During my seminary days, I was introduced to a research study which ended with a conclusion that has stuck with me through the years: the churches that laid expectations on its members and required certain things from those seeking church membership were faster growing churches. Furthermore, they had little problem with people “coming through the front door and leaving out the back door.” The people stayed, and the people got involved.

I have since found other studies by sociologists that came to the same conclusion. People are attracted to and more likely to join a group that lays demands or expectations on its members. In other words, it’s going to “cost” something to join—and people are willing to pay.

That idea may unsettle you a bit, as it initially did me. Salvation is free. You come to Christ by faith, not works. You don’t have to do anything but place your faith and trust in Christ. It would seem that requiring a person to do anything to join Christ’s church goes against the gospel of grace freely extended to us. But these churches are not adding actions one must complete in order to come to Christ, but they are calling for commitments that draw a person into the life and ministry of the church.

I applaud that. I know many churches, including my own, that require potential members to attend a class or a series of classes where they learn about the church’s vision, history, beliefs, practices, and opportunities for discipleship and ministry. These potential members are expected to get involved in a discipleship group, whether it’s a Sunday morning Bible study, Wednesday night discipleship course, or other group. There is a sense of accountability. You are expected to grow in your faith and get involved in ministry.

It’s common in so many churches for people to simply say they want to join the church and—bam!—they’re in. We shake their hands, giving them “the right hand of fellowship,” and never see them again. In one church I served, two young adults came forward at the end of the service to join the church. We welcomed them to the church family—and never saw them again. We discovered later that the only reason they came to church that day was because their parents were in town. They wanted to look good to their parents, so they went through the motions of joining a church.

I was active at another church that was on television—live television. An older couple—a brother and sister—visited, sat front and center, and promptly walked the aisle at the end of the service to join the church. And we welcomed them. A couple of weeks later, the police also welcomed them into a jail cell. Turns out they weren’t brother and sister, and their appearance at church was in hopes of giving themselves an alibi—a televised alibi—when questioned about the suspicious death of someone in their house. It didn’t work.

It seems people would be more drawn to a church that doesn’t “make demands,” but that’s not true. This is not just some American phenomenon; it’s also seen in the early centuries of the church. Sociologist Rodney Stark noted this in his book The Rise of Christianity. When demands and expectations were made on the believers, such as the expectation to give and support the poor, abstain from sexual immorality, and so forth, they embraced the call to live different from the world. This “barrier to group entry” lessened the likelihood of free-loaders, people wanting to be a part of the church without a life change or investment in the life of the church. This meant that the churches experienced a higher level of commitment and participation (Rodney Stark, The Rise of Christianity, pp. 176-178).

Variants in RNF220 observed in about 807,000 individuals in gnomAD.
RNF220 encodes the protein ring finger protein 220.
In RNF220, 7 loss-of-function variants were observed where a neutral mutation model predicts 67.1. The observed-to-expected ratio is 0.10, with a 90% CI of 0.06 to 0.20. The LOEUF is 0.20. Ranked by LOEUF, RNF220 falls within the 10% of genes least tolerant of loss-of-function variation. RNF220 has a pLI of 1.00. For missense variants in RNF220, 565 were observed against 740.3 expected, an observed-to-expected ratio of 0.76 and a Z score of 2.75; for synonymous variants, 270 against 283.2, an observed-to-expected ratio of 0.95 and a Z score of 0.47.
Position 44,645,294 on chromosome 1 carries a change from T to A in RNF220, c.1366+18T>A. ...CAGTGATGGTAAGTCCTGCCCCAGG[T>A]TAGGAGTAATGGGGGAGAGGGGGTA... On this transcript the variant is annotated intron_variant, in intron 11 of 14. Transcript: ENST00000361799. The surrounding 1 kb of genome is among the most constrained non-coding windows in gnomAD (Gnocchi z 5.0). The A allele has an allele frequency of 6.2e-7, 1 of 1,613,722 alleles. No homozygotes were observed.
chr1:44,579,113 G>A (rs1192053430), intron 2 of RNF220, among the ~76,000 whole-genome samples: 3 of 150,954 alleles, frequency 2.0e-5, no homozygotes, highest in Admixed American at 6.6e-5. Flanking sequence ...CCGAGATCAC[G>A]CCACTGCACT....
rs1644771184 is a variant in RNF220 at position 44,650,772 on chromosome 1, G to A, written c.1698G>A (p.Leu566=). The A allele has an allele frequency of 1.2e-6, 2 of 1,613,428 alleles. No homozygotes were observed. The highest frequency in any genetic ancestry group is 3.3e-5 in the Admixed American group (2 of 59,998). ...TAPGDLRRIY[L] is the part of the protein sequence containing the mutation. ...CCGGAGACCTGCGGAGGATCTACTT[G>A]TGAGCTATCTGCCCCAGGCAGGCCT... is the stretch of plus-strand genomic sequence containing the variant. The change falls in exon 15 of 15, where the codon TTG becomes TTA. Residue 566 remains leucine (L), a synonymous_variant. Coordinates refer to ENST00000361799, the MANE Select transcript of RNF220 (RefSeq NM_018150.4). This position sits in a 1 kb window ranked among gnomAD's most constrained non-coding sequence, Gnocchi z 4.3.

Even the high cost of persecution did not lessen commitment. On the contrary, the threat of harm or hardship only strengthened the resolve of so many believers. It was a high cost, but it was seen as a “good bargain” because of all they gained in Christ.

By contrast, look at what happened in the 4th century as Christianity was legalized and became the official religion. Christianity became the de facto religion, so people became a part of the church, but they didn’t do anything. The church grew weak when no demands or expectations were given.

As followers of Christ, let’s “make demands” of one another. I’m not for any form of legalism, but we should watch out for one another. Let’s be accountable for one another. We are the body of Christ; we’re in this together. As others come to faith in Christ, let’s welcome them and simultaneously lead them to see the commitment and investment involved in following Christ. In so doing, we can strengthen the body of Christ.

Salvation is a free gift, but Jesus called us to count the cost of following Him (Luke 14:25-33). Let’s encourage one another to embrace that cost.

“And let us consider one another in order to provoke love and good works, not neglecting to gather together, as some are in the habit of doing, but encouraging each other, and all the more as you see the day approaching” (Heb. 10:24-25).

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